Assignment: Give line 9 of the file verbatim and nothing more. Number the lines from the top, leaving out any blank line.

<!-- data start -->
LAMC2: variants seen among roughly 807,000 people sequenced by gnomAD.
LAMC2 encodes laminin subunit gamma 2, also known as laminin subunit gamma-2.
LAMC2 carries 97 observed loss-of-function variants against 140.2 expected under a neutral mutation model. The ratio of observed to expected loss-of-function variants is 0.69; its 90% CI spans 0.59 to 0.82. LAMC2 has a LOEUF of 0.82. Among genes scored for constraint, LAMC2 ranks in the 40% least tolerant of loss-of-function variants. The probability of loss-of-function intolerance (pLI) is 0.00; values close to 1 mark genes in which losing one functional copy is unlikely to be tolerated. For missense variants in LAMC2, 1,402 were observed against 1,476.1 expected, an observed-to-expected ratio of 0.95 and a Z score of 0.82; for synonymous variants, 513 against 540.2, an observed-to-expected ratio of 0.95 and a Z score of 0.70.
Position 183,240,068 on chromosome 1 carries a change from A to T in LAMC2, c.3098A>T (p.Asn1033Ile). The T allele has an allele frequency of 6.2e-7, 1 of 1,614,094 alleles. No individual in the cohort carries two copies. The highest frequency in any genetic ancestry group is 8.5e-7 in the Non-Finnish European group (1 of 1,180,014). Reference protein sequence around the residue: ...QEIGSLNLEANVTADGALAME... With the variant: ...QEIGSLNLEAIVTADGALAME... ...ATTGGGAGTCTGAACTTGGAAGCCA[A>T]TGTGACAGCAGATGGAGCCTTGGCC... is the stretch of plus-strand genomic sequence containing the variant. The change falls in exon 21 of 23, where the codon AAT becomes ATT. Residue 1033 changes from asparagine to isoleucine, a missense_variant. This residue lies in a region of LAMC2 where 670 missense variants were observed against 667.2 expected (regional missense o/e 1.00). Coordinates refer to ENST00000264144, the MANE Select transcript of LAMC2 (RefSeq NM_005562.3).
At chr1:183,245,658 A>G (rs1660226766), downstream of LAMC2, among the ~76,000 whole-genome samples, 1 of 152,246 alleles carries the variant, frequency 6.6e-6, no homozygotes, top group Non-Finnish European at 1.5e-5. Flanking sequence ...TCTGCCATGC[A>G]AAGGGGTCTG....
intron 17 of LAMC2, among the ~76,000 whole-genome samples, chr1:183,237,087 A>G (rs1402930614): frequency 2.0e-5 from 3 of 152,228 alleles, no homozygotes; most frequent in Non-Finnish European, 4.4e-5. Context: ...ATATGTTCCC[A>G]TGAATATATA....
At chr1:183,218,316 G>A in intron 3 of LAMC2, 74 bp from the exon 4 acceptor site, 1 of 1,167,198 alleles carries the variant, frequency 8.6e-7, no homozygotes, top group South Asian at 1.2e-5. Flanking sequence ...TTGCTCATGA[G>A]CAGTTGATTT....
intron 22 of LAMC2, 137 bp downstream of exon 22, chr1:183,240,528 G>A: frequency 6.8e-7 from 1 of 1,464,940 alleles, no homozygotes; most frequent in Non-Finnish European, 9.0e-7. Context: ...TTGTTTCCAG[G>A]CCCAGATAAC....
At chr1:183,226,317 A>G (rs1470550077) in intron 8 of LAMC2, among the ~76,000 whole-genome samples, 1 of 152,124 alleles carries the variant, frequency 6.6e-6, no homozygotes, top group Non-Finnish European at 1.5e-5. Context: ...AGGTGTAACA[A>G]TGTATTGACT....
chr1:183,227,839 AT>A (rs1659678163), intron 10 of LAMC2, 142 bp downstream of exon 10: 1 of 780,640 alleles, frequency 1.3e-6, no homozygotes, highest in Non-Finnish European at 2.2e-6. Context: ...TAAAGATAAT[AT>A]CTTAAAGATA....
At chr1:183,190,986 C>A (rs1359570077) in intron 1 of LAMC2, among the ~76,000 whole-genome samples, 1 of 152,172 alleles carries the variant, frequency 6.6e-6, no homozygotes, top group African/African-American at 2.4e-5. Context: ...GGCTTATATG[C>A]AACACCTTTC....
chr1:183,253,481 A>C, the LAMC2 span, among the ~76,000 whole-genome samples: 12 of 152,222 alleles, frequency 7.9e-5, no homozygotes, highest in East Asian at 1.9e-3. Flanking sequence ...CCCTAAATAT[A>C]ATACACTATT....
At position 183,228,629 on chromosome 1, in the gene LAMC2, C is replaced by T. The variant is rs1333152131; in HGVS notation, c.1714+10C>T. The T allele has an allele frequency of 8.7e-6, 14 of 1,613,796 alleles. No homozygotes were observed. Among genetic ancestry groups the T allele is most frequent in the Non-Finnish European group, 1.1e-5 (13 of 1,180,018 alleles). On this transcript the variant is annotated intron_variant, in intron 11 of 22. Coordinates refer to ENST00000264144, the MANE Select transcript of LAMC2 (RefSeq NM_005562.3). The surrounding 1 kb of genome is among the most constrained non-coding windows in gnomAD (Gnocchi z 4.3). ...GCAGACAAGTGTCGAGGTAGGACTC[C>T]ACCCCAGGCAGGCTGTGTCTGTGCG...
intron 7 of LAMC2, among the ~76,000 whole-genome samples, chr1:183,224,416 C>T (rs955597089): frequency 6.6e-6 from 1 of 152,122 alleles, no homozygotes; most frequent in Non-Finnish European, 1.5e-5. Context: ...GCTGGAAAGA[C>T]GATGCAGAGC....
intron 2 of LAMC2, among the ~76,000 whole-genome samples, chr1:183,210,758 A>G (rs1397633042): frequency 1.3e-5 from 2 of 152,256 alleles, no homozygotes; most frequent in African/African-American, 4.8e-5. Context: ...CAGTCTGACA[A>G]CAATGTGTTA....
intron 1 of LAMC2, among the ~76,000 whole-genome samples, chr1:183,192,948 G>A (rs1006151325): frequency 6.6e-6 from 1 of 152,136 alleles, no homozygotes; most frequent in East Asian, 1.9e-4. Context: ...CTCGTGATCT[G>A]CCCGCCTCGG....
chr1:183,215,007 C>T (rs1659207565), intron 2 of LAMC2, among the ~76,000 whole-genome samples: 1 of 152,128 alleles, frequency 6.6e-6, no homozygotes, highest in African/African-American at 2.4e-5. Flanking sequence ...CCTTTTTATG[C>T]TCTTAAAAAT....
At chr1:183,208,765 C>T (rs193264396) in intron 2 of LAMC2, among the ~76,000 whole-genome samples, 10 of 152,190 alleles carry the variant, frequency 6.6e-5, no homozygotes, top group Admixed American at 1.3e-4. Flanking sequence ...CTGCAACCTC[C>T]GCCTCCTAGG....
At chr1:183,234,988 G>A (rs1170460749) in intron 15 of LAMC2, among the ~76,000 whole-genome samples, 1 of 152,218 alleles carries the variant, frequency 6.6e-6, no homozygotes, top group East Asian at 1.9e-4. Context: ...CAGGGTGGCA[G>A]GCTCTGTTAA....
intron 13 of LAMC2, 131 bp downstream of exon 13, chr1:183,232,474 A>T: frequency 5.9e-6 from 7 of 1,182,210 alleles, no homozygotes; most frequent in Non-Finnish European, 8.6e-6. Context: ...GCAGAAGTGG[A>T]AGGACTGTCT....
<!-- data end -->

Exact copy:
At chr1:183,226,317 A>G (rs1470550077) in intron 8 of LAMC2, among the ~76,000 whole-genome samples, 1 of 152,124 alleles carries the variant, frequency 6.6e-6, no homozygotes, top group Non-Finnish European at 1.5e-5. Context: ...AGGTGTAACA[A>G]TGTATTGACT....